Gay Times March 09 - Issue 366
In the Know - Manvendra Singh Gohil
Manvendra Singh Gohil, heir to the throne of the princely Indian state of Rajpipla, came out to the public in 2006, making him the first openly-gay Indian royal.
The day I came out there were protests in my town. People burnt effigies of me, and said I had brought shame and humiliation to the royal family, that I should be stripped of my title.
More from Gay Times March 09 - Issue 366
I love challenges. Coming out was a challenge.
As a person who advocates truthfulness, it was very hard keeping secrets and telling lies. These things are not easily hidden, either. That was one of the reasons I had a nervous breakdown.
I was expecting people to react negatively when I came out. That’s what I wanted. I wanted to open the Pandora’s Box.
In India, homosexuality is a taboo. I always felt the need for open discussion about it. Unless people are aware of it and sensitised towards it, the homophobia will remain.
I wasn’t shy about going back home. I didn’t want to act as if I had done something wrong. I decided to live in that homophobic society and teach people, rather than turning away from them.
After I was invited to be a guest on Oprah in October 2007, a lot of people who were homophobic changed their behaviour towards me. Oprah has a lot of fans in India.
I came out to my family through the psychiatrist who was treating me. They refused to believe that I could be gay. They said, “He had so many girlfriends in school, so how could he be gay?”
I was born gay – no doubt about that.
My parents were very worried that the secret would come out. I had founded the Lakshya Trust, an organisation to work for HIV prevention and other support systems for gay men in India. They said I would have to resign from Lakshya. I said, “It’s not possible. I gave birth to Lakshya. How can I desert my child?”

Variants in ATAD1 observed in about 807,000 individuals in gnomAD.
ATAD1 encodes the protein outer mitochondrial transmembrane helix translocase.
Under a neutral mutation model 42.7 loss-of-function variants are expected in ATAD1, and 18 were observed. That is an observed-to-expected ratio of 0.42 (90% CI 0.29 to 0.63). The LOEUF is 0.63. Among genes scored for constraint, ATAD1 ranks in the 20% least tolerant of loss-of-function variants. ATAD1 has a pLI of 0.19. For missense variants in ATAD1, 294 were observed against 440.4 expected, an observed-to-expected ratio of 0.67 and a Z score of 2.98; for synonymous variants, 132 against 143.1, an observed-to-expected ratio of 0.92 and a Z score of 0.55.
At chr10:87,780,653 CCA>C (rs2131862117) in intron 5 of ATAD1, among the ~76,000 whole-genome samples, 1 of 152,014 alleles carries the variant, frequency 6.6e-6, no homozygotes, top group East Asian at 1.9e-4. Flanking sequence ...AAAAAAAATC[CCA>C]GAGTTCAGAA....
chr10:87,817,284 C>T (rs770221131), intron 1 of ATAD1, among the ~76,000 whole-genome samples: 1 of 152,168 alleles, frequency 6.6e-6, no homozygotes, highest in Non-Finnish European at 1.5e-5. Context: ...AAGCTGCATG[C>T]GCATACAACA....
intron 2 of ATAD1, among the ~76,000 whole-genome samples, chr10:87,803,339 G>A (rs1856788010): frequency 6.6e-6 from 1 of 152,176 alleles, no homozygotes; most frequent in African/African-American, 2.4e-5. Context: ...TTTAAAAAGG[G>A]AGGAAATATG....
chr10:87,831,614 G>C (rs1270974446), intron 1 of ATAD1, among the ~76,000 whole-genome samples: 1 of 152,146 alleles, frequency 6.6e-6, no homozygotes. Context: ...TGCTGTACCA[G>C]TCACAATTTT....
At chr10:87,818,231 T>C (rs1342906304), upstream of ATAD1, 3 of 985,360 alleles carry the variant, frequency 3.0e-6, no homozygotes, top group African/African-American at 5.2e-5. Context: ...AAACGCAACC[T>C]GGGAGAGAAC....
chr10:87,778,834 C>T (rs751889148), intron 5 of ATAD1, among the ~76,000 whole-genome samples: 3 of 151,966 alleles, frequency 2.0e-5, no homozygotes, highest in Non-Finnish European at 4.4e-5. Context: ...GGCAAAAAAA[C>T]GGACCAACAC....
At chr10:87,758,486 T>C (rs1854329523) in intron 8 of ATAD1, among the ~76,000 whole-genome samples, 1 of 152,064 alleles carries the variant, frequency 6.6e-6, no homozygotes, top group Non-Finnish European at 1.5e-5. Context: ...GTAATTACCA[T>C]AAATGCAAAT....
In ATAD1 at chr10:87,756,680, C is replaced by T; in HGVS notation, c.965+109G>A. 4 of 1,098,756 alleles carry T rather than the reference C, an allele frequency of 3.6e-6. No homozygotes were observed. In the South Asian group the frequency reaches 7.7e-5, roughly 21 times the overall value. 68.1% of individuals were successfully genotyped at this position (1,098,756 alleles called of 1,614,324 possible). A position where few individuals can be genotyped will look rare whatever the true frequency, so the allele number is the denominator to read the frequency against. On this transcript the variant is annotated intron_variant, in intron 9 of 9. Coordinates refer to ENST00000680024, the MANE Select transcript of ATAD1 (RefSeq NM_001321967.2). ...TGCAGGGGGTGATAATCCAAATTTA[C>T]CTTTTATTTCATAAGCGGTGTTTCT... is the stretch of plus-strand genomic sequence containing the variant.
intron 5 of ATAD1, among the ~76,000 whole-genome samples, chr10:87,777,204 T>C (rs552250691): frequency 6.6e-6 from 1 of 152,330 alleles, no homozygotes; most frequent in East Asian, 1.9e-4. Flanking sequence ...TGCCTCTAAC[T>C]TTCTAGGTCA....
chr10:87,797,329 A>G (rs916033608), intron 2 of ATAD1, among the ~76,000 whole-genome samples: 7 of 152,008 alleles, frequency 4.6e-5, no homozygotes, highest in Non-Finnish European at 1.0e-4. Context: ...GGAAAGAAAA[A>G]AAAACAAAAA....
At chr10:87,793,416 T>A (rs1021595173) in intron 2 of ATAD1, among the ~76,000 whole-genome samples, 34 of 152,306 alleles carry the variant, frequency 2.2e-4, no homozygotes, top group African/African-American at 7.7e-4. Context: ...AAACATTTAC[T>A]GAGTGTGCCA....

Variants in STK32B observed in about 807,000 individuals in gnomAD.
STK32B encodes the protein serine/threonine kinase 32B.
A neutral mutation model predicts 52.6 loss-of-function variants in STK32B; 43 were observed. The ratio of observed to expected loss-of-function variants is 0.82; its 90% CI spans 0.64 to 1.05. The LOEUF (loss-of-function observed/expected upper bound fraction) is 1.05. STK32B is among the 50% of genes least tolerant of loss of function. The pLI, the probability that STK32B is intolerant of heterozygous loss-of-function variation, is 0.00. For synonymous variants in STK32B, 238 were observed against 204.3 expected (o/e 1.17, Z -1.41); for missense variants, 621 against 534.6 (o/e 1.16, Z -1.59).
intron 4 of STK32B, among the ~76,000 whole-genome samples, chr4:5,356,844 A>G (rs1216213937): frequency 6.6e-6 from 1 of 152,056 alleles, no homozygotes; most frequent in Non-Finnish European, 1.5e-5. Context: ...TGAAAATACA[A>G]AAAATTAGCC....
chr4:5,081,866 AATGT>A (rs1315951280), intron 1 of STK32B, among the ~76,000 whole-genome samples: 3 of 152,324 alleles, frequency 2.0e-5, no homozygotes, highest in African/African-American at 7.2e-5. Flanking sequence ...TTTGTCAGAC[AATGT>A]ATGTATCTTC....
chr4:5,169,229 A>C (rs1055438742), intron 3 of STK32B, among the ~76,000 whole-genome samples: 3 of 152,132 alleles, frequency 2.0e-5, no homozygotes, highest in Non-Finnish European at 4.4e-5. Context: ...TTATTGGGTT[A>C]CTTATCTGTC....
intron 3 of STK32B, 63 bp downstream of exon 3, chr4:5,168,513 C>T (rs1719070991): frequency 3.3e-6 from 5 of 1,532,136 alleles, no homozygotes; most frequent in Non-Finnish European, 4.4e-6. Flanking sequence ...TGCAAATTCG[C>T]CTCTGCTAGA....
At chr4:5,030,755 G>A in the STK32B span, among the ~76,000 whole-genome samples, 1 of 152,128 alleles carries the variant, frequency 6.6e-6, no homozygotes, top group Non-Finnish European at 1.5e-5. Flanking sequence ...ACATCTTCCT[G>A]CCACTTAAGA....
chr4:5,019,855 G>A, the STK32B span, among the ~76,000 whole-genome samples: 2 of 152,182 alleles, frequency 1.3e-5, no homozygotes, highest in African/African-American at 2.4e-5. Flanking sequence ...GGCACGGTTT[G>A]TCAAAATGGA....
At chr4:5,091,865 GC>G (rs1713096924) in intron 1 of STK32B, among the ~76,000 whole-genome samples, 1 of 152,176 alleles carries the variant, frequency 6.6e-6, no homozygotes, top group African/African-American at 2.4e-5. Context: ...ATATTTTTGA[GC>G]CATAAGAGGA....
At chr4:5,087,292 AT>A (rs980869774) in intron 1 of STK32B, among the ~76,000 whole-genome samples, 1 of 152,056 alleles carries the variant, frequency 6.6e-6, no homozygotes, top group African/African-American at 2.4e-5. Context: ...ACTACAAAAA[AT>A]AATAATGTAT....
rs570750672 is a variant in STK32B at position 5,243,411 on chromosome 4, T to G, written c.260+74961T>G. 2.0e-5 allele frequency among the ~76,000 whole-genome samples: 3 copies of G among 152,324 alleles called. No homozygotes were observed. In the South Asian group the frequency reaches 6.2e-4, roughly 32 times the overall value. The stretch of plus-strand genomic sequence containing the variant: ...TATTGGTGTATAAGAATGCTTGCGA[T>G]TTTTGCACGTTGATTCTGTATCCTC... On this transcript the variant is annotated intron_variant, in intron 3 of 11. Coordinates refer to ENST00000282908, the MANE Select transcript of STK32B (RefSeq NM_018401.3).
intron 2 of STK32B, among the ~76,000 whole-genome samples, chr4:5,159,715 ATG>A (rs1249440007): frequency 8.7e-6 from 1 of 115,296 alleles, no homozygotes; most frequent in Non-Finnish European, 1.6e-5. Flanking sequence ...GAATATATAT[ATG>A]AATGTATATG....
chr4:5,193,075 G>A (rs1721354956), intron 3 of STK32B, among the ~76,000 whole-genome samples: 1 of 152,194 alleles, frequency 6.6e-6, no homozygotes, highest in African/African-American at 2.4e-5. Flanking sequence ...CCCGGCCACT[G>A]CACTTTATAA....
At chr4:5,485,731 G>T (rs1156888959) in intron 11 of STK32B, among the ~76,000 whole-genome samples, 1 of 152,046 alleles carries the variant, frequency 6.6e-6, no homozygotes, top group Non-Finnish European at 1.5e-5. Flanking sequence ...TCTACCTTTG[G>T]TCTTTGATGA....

I have a staff of almost 100 people working in the organisation. It’s called a ‘trust’, but I call it a family. The Lakshya Family. And Lakshya is supported and funded by the government. That recognition is strongly in our favour.
I may be the first member of a royal family to come out as gay, but I’m not the only one. There are plenty of LGBTs in the royal families – I know of them. My coming out worried them; they were thinking, “He’s shameless, he might out us as well.”
My parents were pressured into publicly disinheriting me. They disowned me to curtail my interviews but, instead, my contact with the press exploded. Their whole purpose was foiled. So they reversed their decision.
My father himself gave an interview in the newspaper. The headline was, “I Acted in Anger”.
My mother is not accepting, but she isn’t against me either. She keeps a low profile.
I was never attached to my biological family. Children are brought up by a governess or nanny. I grew up thinking my nanny was my mother.
I have missed the love, affection and attachment to parents in my life. Who else would be closer to you than your own mother? And if she doesn’t give you that love, where will you get it?
If you are born in the royal family you have both advantages and disadvantages.
I declared that I would like to adopt, because I want somebody to carry on our 650-year-old dynasty. I’m the 39th in the line, so I definitely want a 40th person to carry on our rich cultural heritage.
Now my people respect me more than ever. They think that speaking the truth is very uncommon. They say that whether their prince is gay or not is not an issue. The fact that he has spoken the truth is cause for respect.
I have a huge non-biological family in the gay community. In India we have what we call ‘pseudo-relations’. We are mothers, sisters, daughters, grandmothers within the gay community.
I call Ashok Row Kavi, India’s first gay activist, my godmother. He brought me into the gay world. He inspired me and helped me form Lakshya. I owe my coming out to him.
I don’t celebrate Independence Day in India. India got independence in 1947, but gay India lost its independence in 1860.
My coming out has made people bolder. We’ve had occasions of people coming out in the media, to their families, and resisting pressure to get married. Most gay men have been forced to marry women – almost 80%. But the situation is changing.
We should not always think about ourselves. Once you are self-sufficient and satisfied with your lifestyle, there’s so much you can do for society.
I’ve had people take advantage of my status. I rarely know whether attraction is genuine, or whether the person concerned is looking at me or my princely fortunes and status.
You do need a companion in your life. As you grow older, you need that feeling of security.
My biggest regret would be coming out so late. I could have come out earlier. I could have saved more lives, but better late than never.
By occupation, I’m an organic farmer. I breed hermaphrodites – that’s earthworms.
Words: Hugh Armitage